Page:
First things first, what is an LLC? LLC stands for Limited Liability Company and these are strictly legal entities set up through the State and are used to protect personal assets. The IRS does not recognize the LLC as an entity, there is no IRS LLC tax form. As an LLC you have the choice to decide how the LLC is taxed. There is no IRS LLC tax form.
You have to keep in mind, even though the IRS does not have an LLC tax form, your state might. Here is California, you also have to keep in mind that if you form an LLC, you will be required to file a separate LLC tax return and pay a minimum franchise tax of $800 every year, regardless if the business is active and making money or not.
Fun Fact: Many well-known companies such as Anheuser-Busch and Blockbuster are structured as LLCs!
Most common choices of taxation for LLCs
The IRS treats single owner LLCs as sole proprietorships, meaning the LLC itself does not submit a return or pay taxes. The owner is responsible for filling out a Schedule C reporting all profits or losses and submitting it to the IRS with the 1040 tax return. Even if profits are left in the company’s account for future purposes, taxes must be paid on all profits.
When a LLC has multiple owners, the LLC can be treated as a partnership for tax purposes. Just like a single owner LLC, the taxes are paid by the owners. Profits are shared and the values are reported on the owner’s tax return. Each owner receives a share on the profits or losses – which is determined beforehand. This agreement is known as a “distributive share” and is included in the LLC operating agreement.
When dividing profits between the LLCs partners, most come to the agreement to split the profit and losses based on their percentage of ownership. For example, if Owner A owns 45% of the company, and Owner B owns 55%, Owner A is entitled to 45% of profits and losses while Owner B is entitled to 55%. If the owners prefer to split the LLCs earnings in a way that is disproportionate to their percentage of ownership, this is called a “special allocation”.
Even if the LLC leaves all profits in the company, each member is required to pay taxes on their share of money. To do so, Form 1065 must be filed with an IRS. Each member is also required to submit a Schedule K-1, and report all their profits and losses on their own Form 1040 with a Schedule E attached.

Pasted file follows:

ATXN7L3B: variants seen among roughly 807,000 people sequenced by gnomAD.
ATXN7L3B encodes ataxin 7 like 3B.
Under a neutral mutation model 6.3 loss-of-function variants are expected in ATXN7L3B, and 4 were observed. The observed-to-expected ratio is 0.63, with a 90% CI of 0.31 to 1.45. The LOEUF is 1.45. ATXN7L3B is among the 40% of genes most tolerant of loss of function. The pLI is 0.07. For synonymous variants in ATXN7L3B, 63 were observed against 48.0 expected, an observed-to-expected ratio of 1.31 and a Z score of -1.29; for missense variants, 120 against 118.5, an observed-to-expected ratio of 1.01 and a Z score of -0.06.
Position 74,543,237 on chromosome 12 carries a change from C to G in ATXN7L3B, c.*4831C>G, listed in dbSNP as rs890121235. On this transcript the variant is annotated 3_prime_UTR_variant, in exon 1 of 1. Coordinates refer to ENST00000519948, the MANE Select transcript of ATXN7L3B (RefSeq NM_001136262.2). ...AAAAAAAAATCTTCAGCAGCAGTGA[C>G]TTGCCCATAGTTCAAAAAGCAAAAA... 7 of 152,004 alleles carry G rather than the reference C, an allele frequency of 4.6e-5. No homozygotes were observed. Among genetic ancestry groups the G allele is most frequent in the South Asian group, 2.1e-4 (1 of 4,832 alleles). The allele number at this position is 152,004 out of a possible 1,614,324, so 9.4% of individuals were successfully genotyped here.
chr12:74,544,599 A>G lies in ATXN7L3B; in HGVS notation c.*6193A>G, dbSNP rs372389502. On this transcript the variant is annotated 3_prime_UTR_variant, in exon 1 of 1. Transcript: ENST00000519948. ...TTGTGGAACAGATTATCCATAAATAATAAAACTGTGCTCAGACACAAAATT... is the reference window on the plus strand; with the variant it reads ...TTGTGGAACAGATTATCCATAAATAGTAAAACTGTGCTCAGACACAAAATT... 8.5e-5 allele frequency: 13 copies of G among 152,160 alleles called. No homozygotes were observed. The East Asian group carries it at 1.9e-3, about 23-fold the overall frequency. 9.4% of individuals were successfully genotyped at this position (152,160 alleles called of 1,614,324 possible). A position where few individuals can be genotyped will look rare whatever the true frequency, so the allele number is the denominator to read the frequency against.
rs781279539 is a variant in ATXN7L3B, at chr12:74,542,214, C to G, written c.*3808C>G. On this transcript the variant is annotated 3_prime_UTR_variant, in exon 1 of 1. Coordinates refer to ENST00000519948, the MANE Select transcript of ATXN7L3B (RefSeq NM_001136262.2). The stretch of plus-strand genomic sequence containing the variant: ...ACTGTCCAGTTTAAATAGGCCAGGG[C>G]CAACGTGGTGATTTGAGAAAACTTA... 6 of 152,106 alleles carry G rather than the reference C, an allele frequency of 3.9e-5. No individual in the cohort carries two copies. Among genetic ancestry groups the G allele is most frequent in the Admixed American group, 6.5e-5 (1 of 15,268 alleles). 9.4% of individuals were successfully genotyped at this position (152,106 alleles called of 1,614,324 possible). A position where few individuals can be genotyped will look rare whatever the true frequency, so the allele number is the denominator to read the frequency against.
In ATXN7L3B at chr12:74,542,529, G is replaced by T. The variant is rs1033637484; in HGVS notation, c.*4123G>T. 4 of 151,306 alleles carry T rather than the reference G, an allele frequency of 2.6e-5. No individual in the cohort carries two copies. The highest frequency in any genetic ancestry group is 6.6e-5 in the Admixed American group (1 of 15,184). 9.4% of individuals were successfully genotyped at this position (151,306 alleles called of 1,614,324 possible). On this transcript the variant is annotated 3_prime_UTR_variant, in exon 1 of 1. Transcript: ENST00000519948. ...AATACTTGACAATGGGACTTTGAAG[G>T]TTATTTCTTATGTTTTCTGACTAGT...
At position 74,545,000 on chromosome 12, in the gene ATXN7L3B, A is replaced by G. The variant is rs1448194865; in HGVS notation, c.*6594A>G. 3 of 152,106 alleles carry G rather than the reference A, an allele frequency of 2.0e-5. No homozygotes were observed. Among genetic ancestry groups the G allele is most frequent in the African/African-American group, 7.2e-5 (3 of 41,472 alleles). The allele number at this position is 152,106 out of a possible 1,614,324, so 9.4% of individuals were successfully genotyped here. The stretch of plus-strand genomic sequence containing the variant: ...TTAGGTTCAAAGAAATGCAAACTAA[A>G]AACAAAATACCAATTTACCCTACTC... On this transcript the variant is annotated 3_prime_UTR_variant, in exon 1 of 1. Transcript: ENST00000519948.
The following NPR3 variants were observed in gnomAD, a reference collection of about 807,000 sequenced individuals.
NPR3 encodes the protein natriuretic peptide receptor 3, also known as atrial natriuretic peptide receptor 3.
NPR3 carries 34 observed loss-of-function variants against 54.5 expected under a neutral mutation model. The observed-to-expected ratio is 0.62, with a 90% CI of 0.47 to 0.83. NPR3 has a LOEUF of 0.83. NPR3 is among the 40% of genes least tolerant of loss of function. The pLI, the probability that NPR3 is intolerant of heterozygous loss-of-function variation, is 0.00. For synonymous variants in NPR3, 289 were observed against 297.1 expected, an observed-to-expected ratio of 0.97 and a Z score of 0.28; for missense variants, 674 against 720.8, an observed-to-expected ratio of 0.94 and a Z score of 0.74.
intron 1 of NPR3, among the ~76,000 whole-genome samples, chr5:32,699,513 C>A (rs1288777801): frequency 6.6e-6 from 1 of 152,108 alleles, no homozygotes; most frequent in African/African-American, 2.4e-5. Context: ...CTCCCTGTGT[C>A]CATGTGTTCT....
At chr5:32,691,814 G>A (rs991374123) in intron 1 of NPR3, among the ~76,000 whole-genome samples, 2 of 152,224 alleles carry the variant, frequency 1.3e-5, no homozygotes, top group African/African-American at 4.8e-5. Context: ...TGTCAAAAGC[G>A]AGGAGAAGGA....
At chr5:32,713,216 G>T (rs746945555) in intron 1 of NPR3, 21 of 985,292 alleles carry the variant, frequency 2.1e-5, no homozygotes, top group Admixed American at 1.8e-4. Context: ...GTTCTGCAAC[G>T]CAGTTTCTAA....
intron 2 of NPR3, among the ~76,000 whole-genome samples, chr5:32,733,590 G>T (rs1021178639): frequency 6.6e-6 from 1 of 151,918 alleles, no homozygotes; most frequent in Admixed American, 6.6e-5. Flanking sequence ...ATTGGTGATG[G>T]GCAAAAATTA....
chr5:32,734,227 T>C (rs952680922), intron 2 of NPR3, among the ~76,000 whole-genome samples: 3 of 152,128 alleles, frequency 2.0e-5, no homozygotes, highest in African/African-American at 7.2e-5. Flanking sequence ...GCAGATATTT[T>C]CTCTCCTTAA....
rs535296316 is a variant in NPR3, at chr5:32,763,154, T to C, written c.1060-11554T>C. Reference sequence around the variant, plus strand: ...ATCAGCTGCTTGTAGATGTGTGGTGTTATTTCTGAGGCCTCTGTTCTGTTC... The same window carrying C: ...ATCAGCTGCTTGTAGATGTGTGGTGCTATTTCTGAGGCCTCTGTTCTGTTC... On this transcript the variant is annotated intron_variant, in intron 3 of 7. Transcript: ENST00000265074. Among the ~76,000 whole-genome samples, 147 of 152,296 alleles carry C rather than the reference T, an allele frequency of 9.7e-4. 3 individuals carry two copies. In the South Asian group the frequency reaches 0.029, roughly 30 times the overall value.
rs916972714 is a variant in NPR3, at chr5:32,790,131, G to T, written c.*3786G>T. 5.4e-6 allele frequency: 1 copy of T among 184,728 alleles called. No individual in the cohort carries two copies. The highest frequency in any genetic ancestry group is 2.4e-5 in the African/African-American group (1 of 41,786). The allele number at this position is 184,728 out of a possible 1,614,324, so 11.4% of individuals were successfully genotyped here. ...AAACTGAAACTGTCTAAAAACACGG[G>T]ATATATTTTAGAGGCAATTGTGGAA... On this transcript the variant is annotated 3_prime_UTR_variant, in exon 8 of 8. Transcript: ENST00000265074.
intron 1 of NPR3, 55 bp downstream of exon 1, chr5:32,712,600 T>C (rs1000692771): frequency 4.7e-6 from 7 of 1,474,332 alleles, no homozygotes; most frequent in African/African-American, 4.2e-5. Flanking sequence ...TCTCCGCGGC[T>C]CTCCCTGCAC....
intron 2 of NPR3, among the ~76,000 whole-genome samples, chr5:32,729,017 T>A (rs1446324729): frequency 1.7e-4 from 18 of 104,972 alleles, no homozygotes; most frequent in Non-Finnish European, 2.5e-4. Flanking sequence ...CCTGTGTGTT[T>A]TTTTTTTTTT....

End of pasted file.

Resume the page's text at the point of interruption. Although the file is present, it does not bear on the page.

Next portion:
As a single member or multi member LLC you can elect to be treated as a S-Corporation for tax purposes. Just like a sole proprietorship or partnership, the taxes are paid by the owners. Profits are shared and the values are reported on the owner’s tax return.
The advantage to electing the S-Corporation versus a sole proprietorship or partnership is that you can avoid some of the FICA (social security and Medicare) taxes. Since the S-Corporation’s profits are not subject to the FICA taxes, the IRS does require owners of S-Corporations to run payroll for the owners, so do be aware of this requirement if you decide to elect the S-Corporation tax status.
If the owner(s) of an LLC decide they need to leave a significant amount of profits in the LLC for whatever reason, this is known as “retained earnings.” In this case, the owner(s) would benefit from corporate taxation. In order to be treated as a corporation for tax purposes, the Form 8832 (Entity Classification Election) must be filed with the IRS. Corporate tax rates on the first $75,000 are lower than individual income tax rates, resulting in potential savings.
Additional benefits include the ability to offer owners and employees various tax-related benefits and the ability to offer owners and employees stock and stock ownership options.
Taxes are not withheld for LLC members as they are considered self-employed business owners. It is crucial for owners to be aware of this, as they should know to put away enough to pay the estimated amount of taxes on their share of profits. Payments are made quarterly in April, June, September, and January with both the IRS and State. Check out my YouTube video for info on paying estimated taxes.